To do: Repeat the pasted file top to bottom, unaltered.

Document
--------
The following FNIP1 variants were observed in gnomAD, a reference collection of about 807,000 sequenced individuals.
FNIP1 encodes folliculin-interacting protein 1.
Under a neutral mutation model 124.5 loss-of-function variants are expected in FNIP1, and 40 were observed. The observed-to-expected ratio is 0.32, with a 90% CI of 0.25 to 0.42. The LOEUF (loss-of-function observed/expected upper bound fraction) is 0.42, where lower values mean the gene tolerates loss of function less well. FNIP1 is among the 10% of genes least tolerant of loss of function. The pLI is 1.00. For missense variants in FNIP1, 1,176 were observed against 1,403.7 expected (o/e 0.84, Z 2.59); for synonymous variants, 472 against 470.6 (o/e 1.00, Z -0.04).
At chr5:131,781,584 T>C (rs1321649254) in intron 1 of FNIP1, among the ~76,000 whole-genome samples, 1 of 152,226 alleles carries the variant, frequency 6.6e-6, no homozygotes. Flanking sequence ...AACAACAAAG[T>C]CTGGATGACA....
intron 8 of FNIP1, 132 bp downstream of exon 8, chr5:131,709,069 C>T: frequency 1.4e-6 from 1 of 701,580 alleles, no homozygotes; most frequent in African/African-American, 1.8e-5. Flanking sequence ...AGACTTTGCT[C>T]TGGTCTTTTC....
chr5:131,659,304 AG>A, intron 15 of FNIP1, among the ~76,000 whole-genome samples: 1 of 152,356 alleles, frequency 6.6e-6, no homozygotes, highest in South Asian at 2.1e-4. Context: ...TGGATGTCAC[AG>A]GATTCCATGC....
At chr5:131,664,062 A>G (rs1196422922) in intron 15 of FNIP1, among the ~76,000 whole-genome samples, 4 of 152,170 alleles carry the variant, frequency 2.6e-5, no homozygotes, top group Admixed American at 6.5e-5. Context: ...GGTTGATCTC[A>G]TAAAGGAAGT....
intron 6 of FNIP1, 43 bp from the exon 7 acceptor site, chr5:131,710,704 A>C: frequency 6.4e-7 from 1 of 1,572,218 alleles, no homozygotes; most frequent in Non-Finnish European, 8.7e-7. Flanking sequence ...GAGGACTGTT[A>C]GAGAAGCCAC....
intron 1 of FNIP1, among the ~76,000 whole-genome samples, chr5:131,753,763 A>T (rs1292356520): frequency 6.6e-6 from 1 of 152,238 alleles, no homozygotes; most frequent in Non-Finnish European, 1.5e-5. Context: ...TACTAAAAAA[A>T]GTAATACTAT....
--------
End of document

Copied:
The following FNIP1 variants were observed in gnomAD, a reference collection of about 807,000 sequenced individuals.
FNIP1 encodes folliculin-interacting protein 1.
Under a neutral mutation model 124.5 loss-of-function variants are expected in FNIP1, and 40 were observed. The observed-to-expected ratio is 0.32, with a 90% CI of 0.25 to 0.42. The LOEUF (loss-of-function observed/expected upper bound fraction) is 0.42, where lower values mean the gene tolerates loss of function less well. FNIP1 is among the 10% of genes least tolerant of loss of function. The pLI is 1.00. For missense variants in FNIP1, 1,176 were observed against 1,403.7 expected (o/e 0.84, Z 2.59); for synonymous variants, 472 against 470.6 (o/e 1.00, Z -0.04).
At chr5:131,781,584 T>C (rs1321649254) in intron 1 of FNIP1, among the ~76,000 whole-genome samples, 1 of 152,226 alleles carries the variant, frequency 6.6e-6, no homozygotes. Flanking sequence ...AACAACAAAG[T>C]CTGGATGACA....
intron 8 of FNIP1, 132 bp downstream of exon 8, chr5:131,709,069 C>T: frequency 1.4e-6 from 1 of 701,580 alleles, no homozygotes; most frequent in African/African-American, 1.8e-5. Flanking sequence ...AGACTTTGCT[C>T]TGGTCTTTTC....
chr5:131,659,304 AG>A, intron 15 of FNIP1, among the ~76,000 whole-genome samples: 1 of 152,356 alleles, frequency 6.6e-6, no homozygotes, highest in South Asian at 2.1e-4. Context: ...TGGATGTCAC[AG>A]GATTCCATGC....
At chr5:131,664,062 A>G (rs1196422922) in intron 15 of FNIP1, among the ~76,000 whole-genome samples, 4 of 152,170 alleles carry the variant, frequency 2.6e-5, no homozygotes, top group Admixed American at 6.5e-5. Context: ...GGTTGATCTC[A>G]TAAAGGAAGT....
intron 6 of FNIP1, 43 bp from the exon 7 acceptor site, chr5:131,710,704 A>C: frequency 6.4e-7 from 1 of 1,572,218 alleles, no homozygotes; most frequent in Non-Finnish European, 8.7e-7. Flanking sequence ...GAGGACTGTT[A>C]GAGAAGCCAC....
intron 1 of FNIP1, among the ~76,000 whole-genome samples, chr5:131,753,763 A>T (rs1292356520): frequency 6.6e-6 from 1 of 152,238 alleles, no homozygotes; most frequent in Non-Finnish European, 1.5e-5. Context: ...TACTAAAAAA[A>T]GTAATACTAT....